There is only one escape to this judgment. Accept the light while we can. What has God shown you? What truth do you know God has given you? Start with that. My pastor gives very solid advice: when you don’t know what to do, go back to the last thing you know for sure God told you to do and do it. You may not get further or clearer instructions until you do. Seek wisdom. Seek God’s knowledge. Only by obeying it can we get more, and the mine of God’s wisdom is inexhaustible. If we reject God’s wisdom, we truly become stupid, but if we receive it and search after it, we’ll keep getting more and more. And this treasure is simply invaluable. It’s beyond comprehension of how valuable it is. We are to pursue it, and if we get God, we get all that comes with Him. No words can describe that prize. Go after it and don’t scorn it.

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Jesus' Disciples: James the Less

Posted by Worldview Warriors On Monday, September 14, 2020 0 comments


by Katie Erickson

As I wrote previously when writing about Jesus’ disciple James, there are multiple men named James associated with Jesus and the New Testament. Today, we’re going to look at the other James who was part of the Twelve Disciples.

This James was the son of Alphaeus, whereas the other was brother to John and son of Zebedee. He is often referred to as James the Less, not because he was less important but likely because he was of smaller stature. He is mentioned in all of the lists of the Twelve in Matthew 10:2-4, Mark 3:16-19, Luke 6:14-16.

It is believed that James was related to Jesus. The Apostle Paul writes in Galatians 1:18-19, “Then after three years, I went up to Jerusalem to get acquainted with Cephas and stayed with him fifteen days. I saw none of the other apostles—only James, the Lord’s brother.” Some scholars believe this was Jesus’ actual half brother (biological son of Mary and Joseph), whereas other scholars believe he was actually a cousin or other relative of Jesus. Early Christian men often called each other “brother” even if they were not actually biological brothers, so there is some ambiguity in Paul’s statement.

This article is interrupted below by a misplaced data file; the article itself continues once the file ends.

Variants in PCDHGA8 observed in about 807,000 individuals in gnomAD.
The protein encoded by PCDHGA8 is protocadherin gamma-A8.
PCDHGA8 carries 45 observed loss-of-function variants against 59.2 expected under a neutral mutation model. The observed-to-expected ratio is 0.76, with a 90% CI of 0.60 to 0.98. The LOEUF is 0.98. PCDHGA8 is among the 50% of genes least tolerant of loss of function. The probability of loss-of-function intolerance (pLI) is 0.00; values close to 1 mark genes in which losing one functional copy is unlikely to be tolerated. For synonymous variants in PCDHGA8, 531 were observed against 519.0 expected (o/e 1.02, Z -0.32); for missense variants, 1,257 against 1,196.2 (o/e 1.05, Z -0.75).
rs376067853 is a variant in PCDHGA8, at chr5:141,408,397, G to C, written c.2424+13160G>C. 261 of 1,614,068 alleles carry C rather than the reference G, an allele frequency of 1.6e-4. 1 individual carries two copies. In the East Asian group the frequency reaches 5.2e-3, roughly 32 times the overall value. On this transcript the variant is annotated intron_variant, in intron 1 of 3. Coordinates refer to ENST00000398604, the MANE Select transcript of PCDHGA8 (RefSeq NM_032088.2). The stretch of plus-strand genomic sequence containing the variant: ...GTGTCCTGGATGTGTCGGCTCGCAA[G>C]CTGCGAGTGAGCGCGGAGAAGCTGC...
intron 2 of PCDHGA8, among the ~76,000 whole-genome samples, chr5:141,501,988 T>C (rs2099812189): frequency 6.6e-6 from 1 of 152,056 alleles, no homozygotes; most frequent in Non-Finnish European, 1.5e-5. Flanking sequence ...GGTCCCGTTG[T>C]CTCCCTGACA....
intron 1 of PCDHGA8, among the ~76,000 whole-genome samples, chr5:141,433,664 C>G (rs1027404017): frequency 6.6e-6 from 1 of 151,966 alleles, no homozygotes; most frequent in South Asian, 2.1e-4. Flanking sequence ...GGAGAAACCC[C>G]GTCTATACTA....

There is additional support for the theory of James being Jesus’ brother from 1 Corinthians 15:3-8 says, “For what I received I passed on to you as of first importance: that Christ died for our sins according to the Scriptures, that he was buried, that he was raised on the third day according to the Scriptures, and that he appeared to Cephas, and then to the Twelve. After that, he appeared to more than five hundred of the brothers and sisters at the same time, most of whom are still living, though some have fallen asleep. Then he appeared to James, then to all the apostles, and last of all he appeared to me also, as to one abnormally born.” There in verse 7, this is the James who is mentioned. Jesus may have singled James out among the rest of the apostles in this appearance because of their biological relation.

But, the fact that James the Less is also called James son of Alphaeus indicates that he was not Jesus’ half brother, or else he would have been James son of Joseph. Acts 1:12-14 says, “Then the apostles returned to Jerusalem from the hill called the Mount of Olives, a Sabbath day’s walk from the city. When they arrived, they went upstairs to the room where they were staying. Those present were Peter, John, James and Andrew; Philip and Thomas, Bartholomew and Matthew; James son of Alphaeus and Simon the Zealot, and Judas son of James. They all joined together constantly in prayer, along with the women and Mary the mother of Jesus, and with his brothers.” This was right Jesus’ ascension into heaven and before the day of Pentecost, so we see that James son of Alphaeus was present there, still very much a part of the Twelve.

In Acts 12:1-19, we see the story of Peter’s miraculous escape from prison. Verse 17 records, “Peter motioned with his hand for them to be quiet and described how the Lord had brought him out of prison. ‘Tell James and the other brothers and sisters about this,’ he said, and then he left for another place.” This is believed to be James the Less that Peter spoke of.